Briefing for Covid-19: ‘Delta’s tail is lengthy and robust.’ – P.M.

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As Auckland awaits word on whether it will be reduced to a lower alert level this week, Prime Minister Jacinda Ardern has assured the country that the level four lockdown is having an effect, despite a little increase in case numbers in the last two days.

Ardern and Dr Caroline McElnay, Director of Public Health, provided today’s Covid-19 update from the Beehive.

Watch the briefing here:

There were 24 new cases reported in New Zealand today.

Yesterday the Ministry of Health reported 20 new community cases of the virus, all in Auckland. The figure was a spike after several days of lower numbers, with 11 cases reported on Friday and 13 on Thursday.

The government is set to announce tomorrow whether the country’s alert levels will be changed.

Dr McElnay said they will be preparing advice today ahead of decision tomorrow.

“We’re still cautiously optimistic that the vast bulk of this outbreak is under control, we’re just dealing with a long tail.”

Ardern said level 4 was working and the whole country could see this, but as long as there is a level 3 or 4 situation in Auckland, there is risk.

“Delta’s tail is long and it is hard.

“The one thing I would say to Aucklanders: your work has paid off, as you’ve heard from our public health advisors, they consider that we do not have large scale community transmission in Auckland, and that has been because of level 4 and the work that people have done.

“So level 4 has played an incredibly important role of getting that outbreak under control. Yes, we still have cases popping up, there’s still work for us to do. But we absolutely factor in how Aucklanders are coping with some of the restrictions we’ve had to date, but also the best way for us to get back to normal as quickly as we can.”

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She said despite larger case numbers, they continued to be dominated by household contacts.

“We have had unlinked cases over the course of this week, but many have been subsequently linked over the days that followed.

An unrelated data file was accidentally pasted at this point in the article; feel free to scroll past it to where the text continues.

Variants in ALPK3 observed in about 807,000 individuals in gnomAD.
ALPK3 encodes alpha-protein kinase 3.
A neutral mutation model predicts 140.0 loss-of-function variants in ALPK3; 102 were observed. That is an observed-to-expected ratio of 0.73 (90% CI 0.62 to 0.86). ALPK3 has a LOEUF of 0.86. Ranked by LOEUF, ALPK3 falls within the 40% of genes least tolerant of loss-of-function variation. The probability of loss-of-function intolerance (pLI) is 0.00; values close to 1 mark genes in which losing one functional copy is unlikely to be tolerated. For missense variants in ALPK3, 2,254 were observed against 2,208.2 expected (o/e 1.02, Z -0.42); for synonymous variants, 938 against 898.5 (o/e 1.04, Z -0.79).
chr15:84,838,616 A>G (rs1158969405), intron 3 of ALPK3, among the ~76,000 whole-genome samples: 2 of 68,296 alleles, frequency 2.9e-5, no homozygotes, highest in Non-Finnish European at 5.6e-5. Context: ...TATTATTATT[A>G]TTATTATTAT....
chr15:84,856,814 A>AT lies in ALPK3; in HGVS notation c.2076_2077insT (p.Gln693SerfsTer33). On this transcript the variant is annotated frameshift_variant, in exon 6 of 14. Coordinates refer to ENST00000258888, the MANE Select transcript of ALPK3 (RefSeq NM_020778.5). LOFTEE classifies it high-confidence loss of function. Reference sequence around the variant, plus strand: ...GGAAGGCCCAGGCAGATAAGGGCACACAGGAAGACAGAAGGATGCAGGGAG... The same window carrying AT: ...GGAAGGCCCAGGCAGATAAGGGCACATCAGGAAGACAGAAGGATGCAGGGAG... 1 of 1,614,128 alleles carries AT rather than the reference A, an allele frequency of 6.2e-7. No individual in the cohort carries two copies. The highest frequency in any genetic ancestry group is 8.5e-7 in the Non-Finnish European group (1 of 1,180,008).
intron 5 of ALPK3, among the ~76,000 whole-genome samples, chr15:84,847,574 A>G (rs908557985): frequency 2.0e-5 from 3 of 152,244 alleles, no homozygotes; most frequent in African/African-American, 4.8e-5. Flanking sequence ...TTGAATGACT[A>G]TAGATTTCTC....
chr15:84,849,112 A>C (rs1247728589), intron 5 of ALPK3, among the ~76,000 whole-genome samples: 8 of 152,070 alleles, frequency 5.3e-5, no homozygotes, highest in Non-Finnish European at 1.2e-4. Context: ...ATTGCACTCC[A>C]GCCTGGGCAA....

“That does still however present some challenges for us – while it means that we can join the dots, those dots do still produce more cases with more household contacts. It means that the tail produced by Delta is long, and it is tough, and people will have seen that in our case numbers. But it doesn’t change what we need to do, and that continues to be stay at home and get vaccinated.”

Vaccination update

Ardern said 78 percent of eligible Aucklanders have now had their first dose.

“Since Thursday Aucklanders have turned out in force to do the best thing that they can do to gain greater freedoms and avoid future lockdowns, and that is get vaccinated.

“But every unvaccinated person opens up the potential for a new chain of transmission to start, so we need to keep going and get our rates up even higher.”

The Health Ministry said 3,078,000 New Zealanders have now had their first dose, and 1,606,000 have had second dose.

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Yesterday there were 53,386 doses given nationally.

“If you know someone who hasn’t been vaccinated, call, reach out to them today to encourage them to get vaccinated too,” said Ardern.

“Some people will have genuine questions and concerns, and if they do, listen, share information from trusted sources – often it’s just a case of people having the information they need to make a decision. For some people they may not have gotten round to it or need help in making a booking or finding out where to go.

“We all have a role in supporting others to get our vaccination rates as high as possible – it is free, there are sites open all across Auckland and the rest of the country, so please, get vaccinated to protect your family and loved ones.”

Unhelpful travel

Despite the region’s level 4 guidelines, which allow only essential travel, Auckland police complained yesterday about a large number of people on the roads and at beaches.

Ardern said such people should consider those they endanger by travelling, as well as everyone in Auckland right now.

She stated that Auckland’s border controls were not failing and that procedures to limit travel in and out of the region had been put in place.

Ardern stated that in some cases, people were not speaking the truth and were using dishonest techniques to get through, or were claiming legal reasons to engage in prohibited activities.


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